On August 29–30 2014 the
Marianne and Marcus Wallenberg Foundation in co-operation with the
Stockholm Centre for Commercial Law arranged an International legal symposium under the heading
“Functional or dysfunctional – the law as a cure? Risks and liability in the financial markets”. The symposium was held in honor of the 50th anniversary of the Marianne and Marcus Wallenberg Foundation.
The topic of the symposium mirrors a particular interest of the activities of the SCCL covering regulatory as well as liability questions thus dealing with legal subjects which have also relevance to the Foundation. After World War II financial markets have gradually undergone huge differences depending on new financial devices, new financial markets and new financial actors evolving together with changes in regulation and supervision. These are circumstances which have together created new frames for the financial industry.
Table of contents:
- Extraterritorial Financial Regulation: Why E.T. Can’t Come Home by John C. Coffee, Jr.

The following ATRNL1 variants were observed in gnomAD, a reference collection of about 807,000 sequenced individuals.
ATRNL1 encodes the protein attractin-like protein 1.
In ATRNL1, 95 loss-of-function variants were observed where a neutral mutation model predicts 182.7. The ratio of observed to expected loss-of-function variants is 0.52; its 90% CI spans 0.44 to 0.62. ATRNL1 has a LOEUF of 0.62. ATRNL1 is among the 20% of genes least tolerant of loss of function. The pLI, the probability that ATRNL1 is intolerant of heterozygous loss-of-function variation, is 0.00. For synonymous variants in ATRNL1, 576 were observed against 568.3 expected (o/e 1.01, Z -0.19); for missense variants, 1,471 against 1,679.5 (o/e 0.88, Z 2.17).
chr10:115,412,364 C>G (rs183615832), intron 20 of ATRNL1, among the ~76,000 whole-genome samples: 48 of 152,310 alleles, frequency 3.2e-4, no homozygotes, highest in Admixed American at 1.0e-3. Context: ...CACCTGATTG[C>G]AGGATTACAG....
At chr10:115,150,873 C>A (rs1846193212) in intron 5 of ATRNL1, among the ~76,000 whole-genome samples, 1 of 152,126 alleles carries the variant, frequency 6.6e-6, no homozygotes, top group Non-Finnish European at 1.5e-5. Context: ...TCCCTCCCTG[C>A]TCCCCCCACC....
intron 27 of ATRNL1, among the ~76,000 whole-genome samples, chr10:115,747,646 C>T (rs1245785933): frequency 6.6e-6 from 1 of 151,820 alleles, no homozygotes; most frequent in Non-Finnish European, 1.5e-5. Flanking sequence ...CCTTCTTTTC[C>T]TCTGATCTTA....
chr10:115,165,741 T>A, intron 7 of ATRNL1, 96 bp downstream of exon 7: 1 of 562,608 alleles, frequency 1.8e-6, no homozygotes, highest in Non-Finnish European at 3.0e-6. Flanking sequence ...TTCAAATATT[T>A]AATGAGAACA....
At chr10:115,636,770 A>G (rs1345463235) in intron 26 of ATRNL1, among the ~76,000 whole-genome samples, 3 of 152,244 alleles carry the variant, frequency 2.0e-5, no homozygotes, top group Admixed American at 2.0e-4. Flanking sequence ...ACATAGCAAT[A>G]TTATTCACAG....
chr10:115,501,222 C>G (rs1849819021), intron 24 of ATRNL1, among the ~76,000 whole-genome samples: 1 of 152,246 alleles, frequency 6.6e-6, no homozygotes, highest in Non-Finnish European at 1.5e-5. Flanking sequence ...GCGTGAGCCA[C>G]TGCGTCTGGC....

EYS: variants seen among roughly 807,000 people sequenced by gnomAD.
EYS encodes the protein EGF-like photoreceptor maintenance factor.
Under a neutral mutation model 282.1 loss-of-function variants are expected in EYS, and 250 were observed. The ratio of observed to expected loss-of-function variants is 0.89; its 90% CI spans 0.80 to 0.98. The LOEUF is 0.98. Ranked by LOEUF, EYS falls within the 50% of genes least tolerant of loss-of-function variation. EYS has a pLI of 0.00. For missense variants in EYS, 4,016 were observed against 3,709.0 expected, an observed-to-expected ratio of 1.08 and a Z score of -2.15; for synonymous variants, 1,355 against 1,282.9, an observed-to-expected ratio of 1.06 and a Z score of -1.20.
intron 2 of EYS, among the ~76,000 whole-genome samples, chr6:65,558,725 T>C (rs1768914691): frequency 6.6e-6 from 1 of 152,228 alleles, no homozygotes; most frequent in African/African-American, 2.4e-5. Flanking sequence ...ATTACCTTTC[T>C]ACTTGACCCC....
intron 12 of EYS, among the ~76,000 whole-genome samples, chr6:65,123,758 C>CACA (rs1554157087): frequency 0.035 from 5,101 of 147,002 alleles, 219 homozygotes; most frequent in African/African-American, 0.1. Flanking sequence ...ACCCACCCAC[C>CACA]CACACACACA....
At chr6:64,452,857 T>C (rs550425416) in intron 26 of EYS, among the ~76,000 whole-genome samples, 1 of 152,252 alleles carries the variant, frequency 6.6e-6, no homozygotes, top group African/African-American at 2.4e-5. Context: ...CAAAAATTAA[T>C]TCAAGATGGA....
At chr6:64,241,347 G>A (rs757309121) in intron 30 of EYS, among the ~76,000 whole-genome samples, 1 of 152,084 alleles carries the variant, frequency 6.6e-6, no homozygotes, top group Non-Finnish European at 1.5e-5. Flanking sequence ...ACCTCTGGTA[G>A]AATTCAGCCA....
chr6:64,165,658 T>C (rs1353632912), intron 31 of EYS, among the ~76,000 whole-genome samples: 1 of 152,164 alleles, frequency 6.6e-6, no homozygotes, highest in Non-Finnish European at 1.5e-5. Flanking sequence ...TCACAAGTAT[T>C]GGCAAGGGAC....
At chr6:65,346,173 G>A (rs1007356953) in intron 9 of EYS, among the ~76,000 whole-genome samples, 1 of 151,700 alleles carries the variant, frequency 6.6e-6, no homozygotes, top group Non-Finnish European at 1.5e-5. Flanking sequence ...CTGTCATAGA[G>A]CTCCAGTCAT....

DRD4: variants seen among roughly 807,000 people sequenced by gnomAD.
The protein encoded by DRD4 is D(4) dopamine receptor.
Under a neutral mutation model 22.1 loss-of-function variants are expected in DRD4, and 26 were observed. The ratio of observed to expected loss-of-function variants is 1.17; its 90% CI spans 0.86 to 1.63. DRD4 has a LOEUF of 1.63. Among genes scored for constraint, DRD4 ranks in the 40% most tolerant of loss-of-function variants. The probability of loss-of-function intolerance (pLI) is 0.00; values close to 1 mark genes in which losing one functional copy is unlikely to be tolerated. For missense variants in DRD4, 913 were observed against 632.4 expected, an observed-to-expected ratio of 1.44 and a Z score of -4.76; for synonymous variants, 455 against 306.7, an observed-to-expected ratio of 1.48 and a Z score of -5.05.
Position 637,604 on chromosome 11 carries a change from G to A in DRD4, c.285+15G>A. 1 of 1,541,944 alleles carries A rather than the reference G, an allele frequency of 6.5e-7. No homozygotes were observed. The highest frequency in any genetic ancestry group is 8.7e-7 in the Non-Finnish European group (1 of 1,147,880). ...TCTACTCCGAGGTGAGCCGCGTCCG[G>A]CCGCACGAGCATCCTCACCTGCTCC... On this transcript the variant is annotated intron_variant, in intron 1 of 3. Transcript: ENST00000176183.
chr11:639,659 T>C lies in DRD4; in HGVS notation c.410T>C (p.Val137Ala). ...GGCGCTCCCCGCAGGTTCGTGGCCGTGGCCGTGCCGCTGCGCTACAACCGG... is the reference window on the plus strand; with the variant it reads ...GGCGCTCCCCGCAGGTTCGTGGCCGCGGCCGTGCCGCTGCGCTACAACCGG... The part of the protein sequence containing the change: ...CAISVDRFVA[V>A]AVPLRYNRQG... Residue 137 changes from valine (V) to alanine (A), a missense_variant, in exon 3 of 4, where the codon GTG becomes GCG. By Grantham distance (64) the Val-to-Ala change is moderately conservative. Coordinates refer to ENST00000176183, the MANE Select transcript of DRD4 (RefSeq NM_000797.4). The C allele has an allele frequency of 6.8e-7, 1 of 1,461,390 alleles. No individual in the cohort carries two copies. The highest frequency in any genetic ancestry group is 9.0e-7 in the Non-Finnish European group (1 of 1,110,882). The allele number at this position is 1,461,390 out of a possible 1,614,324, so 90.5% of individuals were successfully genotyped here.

- Generally on Risks and Liability – Directors’ Liability Under the Law and Regulation in Australia by Rowan Russell
- South African Company Law – Directors’ Duty of Care and Skill and the Introduction of the Business Judgment Rule: Answering the Critics by Angela Itzikowitz
- International legal risk for banks and corporates by Philip R Wood
- Macro-prudential regulation from an English and European Perspective – The Legal and Institutional Dimension by Kern Alexander
- Comment on the session on the risks and liabilities of financial markets by Jesper Lau Hansen
- Handling Risks in Financial Markets Regulation: EMIR and the problem with CCPs being Too Big to Fail by Erica Johansson
- Responsibility of Banks and Their Directors, Including Liability and Enforcement by Klaus J. Hopt
- Is there a role for culture and ethics in financial regulation? By William Blair - Tort Law to the Rescue? By Michael D. Green & Brandon Jones
- The (non)-liability of banks under English law by Ross Cranston
- Implementing liability on the basis of model case procedures – the example of the German Capital Markets Model Case Act (“KapMuG”) by Brigitte Haar
- Tort cases in Iceland after the bank crash in 2008 by Eiríkur Jónsson